NCPA - National Center for Policy Analysis


April 12, 2010

If you work at a large company, and especially if you manage other people, chances are you've gone through diversity training.  The vast majority of the Fortune 500 and, by some estimates, the majority of American employers offer diversity training programs for their employees.  Many make such training mandatory.  The amount of money spent on it in the United States runs into the billions, Drake Bennett, a staff writer for the Boston Globe.   

The courses vary widely, in content and duration and method and philosophy: 

  • Some are short videos followed by structured discussions, some are multiday retreats, some are informational, teaching participants about their "diversity circle" and the difference between a generalization and a stereotype, others focus on role-playing.
  • But they all promise to help people better navigate the fault lines of race, gender, culture, class and sexual orientation that can divide co-workers and unsettle offices.  

Now a few social scientists are taking a hard look at these programs, and, so far, what they're finding is that there's little evidence that diversity training works, says Bennett:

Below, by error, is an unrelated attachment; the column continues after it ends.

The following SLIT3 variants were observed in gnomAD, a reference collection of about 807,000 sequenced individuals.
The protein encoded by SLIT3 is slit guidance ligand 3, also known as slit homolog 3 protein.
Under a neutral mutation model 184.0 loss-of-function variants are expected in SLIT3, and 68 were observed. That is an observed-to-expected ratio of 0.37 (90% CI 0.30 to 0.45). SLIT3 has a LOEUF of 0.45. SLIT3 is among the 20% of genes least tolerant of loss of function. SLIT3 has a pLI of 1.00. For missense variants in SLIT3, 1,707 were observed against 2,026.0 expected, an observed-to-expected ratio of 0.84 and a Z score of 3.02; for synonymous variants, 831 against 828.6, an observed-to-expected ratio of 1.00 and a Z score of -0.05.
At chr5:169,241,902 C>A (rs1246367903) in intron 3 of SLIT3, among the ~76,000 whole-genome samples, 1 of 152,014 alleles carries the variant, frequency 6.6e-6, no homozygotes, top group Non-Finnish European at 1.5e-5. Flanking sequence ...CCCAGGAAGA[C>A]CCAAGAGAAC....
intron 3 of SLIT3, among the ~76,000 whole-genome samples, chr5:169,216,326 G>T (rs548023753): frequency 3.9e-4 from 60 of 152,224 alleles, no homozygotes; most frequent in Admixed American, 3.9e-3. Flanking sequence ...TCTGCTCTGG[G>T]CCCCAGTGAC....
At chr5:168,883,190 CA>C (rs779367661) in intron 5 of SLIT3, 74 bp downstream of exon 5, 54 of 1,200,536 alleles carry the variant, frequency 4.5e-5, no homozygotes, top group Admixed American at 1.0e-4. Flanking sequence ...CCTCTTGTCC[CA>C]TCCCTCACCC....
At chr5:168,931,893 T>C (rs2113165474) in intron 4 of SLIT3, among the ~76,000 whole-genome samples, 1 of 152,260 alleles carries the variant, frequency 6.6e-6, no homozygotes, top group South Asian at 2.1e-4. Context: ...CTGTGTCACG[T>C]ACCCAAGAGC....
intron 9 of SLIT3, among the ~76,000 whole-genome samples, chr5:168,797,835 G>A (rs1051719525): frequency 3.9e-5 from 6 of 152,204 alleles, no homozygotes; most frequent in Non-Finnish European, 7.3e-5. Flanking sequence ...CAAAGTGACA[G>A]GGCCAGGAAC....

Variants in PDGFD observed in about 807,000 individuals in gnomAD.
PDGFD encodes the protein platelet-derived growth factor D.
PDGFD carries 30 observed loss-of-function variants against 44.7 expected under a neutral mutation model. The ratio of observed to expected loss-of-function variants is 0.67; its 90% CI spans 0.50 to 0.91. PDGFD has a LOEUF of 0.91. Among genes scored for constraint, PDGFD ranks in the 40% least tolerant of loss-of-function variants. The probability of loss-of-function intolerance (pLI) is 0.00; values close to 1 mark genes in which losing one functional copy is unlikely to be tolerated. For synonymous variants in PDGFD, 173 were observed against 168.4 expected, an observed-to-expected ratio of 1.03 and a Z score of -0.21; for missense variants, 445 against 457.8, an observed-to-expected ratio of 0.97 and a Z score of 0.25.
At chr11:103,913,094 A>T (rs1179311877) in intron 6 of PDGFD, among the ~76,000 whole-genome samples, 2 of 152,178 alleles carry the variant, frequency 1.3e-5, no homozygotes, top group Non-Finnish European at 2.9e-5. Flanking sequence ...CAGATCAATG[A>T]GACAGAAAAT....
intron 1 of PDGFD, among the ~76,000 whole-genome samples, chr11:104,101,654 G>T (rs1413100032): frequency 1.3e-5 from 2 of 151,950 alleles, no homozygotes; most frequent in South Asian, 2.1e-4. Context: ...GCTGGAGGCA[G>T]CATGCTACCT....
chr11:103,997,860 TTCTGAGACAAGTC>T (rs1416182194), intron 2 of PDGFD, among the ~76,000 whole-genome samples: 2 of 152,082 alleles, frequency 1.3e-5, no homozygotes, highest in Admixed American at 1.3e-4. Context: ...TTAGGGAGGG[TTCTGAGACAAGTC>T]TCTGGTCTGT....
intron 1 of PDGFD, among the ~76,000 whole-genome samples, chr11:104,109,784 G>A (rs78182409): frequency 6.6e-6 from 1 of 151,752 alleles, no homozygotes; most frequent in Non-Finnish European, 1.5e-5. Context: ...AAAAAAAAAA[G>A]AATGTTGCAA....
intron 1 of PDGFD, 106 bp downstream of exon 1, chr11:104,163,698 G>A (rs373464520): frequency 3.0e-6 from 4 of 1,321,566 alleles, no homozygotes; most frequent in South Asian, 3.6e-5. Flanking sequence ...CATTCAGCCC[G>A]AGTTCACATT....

• A paper published last year by psychologist Elizabeth Levy Paluck of Princeton University's Woodrow Wilson School and Yale University political scientist Donald Green comprehensively surveyed the literature on prejudice reduction measures and found no empirical support for the idea that diversity training programs change attitudes or behavior.
  • Similarly, a 2008 literature review paper by Carol Kulik of the University of South Australia and Loriann Roberson of Columbia University found that, on the question of changing behavior, there were few trustworthy studies -- and decidedly mixed results among those.
  • And research by a team of sociologists on more than 800 companies over three decades has found that the best diversity training programs make little difference in who gets hired and promoted, and many programs actually decrease the number of women and minorities in management.  

"Even with best practices, you're not going to get much of an effect," says Frank Dobbin, a Harvard University sociology professor on the research team.  "It doesn't change what happens at work." 


Drake Bennett,"Who's still biased?" Dallas Morning News, April 11, 2010.  

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